ShortBookandScribes #BookReview – The Skeleton Key by Erin Kelly

The Skeleton Key by Erin Kelly was published on 1st September by Hodder & Stoughton in hardcover, eBook and audiobook. My thanks to Eleni Lawrence for sending me a copy for review.


Summer, 2021.
 Nell has come home at her family’s insistence to celebrate an anniversary. Fifty years ago, her father wrote The Golden Bones. Part picture book, part treasure hunt, Sir Frank Churcher created a fairy story about Elinore, a murdered woman whose skeleton was scattered all over England. Clues and puzzles in the pages of The Golden Bones led readers to seven sites where jewels were buried – gold and precious stones, each a different part of a skeleton. One by one, the tiny golden bones were dug up until only Elinore’s pelvis remained hidden.

The book was a sensation. A community of treasure hunters called the Bonehunters formed, in frenzied competition, obsessed to a dangerous degree. People sold their homes to travel to England and search for Elinore. Marriages broke down as the quest consumed people. A man died. The book made Frank a rich man. Stalked by fans who could not tell fantasy from reality, his daughter, Nell, became a recluse.

But now the Churchers must be reunited. The book is being reissued along with a new treasure hunt and a documentary crew are charting everything that follows. Nell is appalled, and terrified. During the filming, Frank finally reveals the whereabouts of the missing golden bone. And then all hell breaks loose.

From the bestselling author of He Said/She Said and Watch Her Fall, this is a taut, mesmerising novel about a daughter haunted by her father’s legacy . . .

Where to begin to describe The Skeleton Key….a multi-faceted trip through the lives of two families and a book that seems always to threaten to tear them apart seems about right and yet there is so much more to discover between the pages of this book.

The Churcher family and the Lally family: inextricably linked, Frank Churcher and Gerald ‘Lal’ Lally being the head of each. Best friends, but somehow always that edge of rivalry. Fifty years ago Frank wrote The Golden Bones, a book with a mystery and a search for a missing golden bone at its heart. Now, the anniversary is being celebrated and Nell has returned home, but events are about to come to a head.

The Skeleton Key is absolutely brilliant and most definitely my kind of read. It’s been described as a slow burner and the gradual unfolding of events past and present fits that description. However, don’t mistake that for a slow read. This is a book that had me completely and utterly gripped, held in its thrall from first page to last.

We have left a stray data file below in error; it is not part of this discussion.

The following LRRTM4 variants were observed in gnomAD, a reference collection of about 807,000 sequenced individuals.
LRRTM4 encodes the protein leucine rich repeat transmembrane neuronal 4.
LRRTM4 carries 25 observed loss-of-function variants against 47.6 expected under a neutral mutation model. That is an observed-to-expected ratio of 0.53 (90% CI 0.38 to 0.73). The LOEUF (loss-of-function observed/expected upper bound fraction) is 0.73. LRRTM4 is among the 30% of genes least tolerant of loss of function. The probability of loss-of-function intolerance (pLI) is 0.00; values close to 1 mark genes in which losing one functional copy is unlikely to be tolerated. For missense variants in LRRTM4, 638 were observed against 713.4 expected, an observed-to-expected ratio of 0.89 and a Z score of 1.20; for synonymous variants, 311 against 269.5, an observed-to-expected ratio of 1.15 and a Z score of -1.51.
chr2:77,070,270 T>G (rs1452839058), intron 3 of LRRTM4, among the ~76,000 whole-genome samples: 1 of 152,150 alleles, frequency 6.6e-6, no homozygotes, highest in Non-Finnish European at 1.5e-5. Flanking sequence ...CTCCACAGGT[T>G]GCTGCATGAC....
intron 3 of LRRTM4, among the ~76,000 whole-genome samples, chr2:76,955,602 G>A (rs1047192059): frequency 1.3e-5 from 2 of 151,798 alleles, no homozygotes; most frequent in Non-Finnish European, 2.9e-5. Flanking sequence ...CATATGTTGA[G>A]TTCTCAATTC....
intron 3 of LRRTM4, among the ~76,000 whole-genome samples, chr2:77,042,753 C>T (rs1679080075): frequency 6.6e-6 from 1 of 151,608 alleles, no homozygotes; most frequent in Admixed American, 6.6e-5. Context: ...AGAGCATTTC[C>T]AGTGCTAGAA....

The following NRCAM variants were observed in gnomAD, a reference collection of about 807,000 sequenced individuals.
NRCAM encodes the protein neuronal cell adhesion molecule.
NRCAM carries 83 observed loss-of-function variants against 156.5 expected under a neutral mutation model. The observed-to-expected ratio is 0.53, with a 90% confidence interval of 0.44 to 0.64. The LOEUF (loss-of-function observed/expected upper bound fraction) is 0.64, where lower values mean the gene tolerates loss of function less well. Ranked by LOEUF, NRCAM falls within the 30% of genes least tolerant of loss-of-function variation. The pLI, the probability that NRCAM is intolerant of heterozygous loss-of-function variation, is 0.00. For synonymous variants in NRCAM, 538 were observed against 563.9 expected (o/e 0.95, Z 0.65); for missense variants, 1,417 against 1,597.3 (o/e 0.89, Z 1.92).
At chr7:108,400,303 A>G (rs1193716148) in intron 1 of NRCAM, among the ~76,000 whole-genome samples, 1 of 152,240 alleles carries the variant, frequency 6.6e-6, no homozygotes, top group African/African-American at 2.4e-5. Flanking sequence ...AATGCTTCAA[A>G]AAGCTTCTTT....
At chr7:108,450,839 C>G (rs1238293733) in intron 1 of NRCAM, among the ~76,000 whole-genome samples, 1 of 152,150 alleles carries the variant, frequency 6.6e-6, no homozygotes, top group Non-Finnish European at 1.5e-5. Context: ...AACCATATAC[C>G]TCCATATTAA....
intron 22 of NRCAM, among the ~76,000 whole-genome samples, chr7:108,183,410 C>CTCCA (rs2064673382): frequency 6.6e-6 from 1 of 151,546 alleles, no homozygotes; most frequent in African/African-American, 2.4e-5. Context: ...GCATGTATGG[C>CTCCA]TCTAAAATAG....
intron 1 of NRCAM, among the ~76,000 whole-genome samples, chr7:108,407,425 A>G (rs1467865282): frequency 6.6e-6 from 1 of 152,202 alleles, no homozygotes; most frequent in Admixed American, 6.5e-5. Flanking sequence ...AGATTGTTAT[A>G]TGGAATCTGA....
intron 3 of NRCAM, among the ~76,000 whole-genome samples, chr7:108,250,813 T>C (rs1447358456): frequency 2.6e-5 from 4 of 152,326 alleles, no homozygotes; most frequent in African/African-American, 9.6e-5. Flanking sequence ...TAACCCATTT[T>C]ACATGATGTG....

Whilst primarily told by Nell in the present day, the story does go back into the past to drip-feed key moments. It’s so intricately and expertly plotted and I found myself frantically turning back through the pages to see where the latest plot twist originated, knowing that it was there and that the detail that seemed so benign at first is in fact so very important. The hand over the mouth moments just kept coming right up until the end. There are many tangled family relationships and friendships tied up with a treasure hunt over the years and this leads to numerous revelations and shocking twists and turns which completely delighted me.

A book about a book – bliss! A book about a dysfunctional family dealing with the skeletons in their closet – perfection! A dark and intense story that had my eyes glued to the page – magnificent! The Skeleton Key is outstanding and glorious in every way.

Erin Kelly is the Sunday Times bestselling author of The Poison TreeThe Sick RoseThe Burning Air, The Ties That Bind, He Said/She SaidStone Mothers/We Know You Know, Watch Her Fall and Broadchurch: The Novel, inspired by the mega-hit TV series. In 2013, The Poison Tree became a major ITV drama and was a Richard & Judy Summer Read in 2011. He Said/She Said spent six weeks in the top ten in both hardback and paperback, was longlisted for the Theakston’s Old Peculier crime novel of the year award, and selected for both the Simon Mayo Radio 2 and Richard & Judy Book Clubs. She has worked as a freelance journalist since 1998 and written for the GuardianThe Sunday TimesDaily MailNew StatesmanRedElle and Cosmopolitan. Born in London in 1976, she lives in north London with her husband and daughters.


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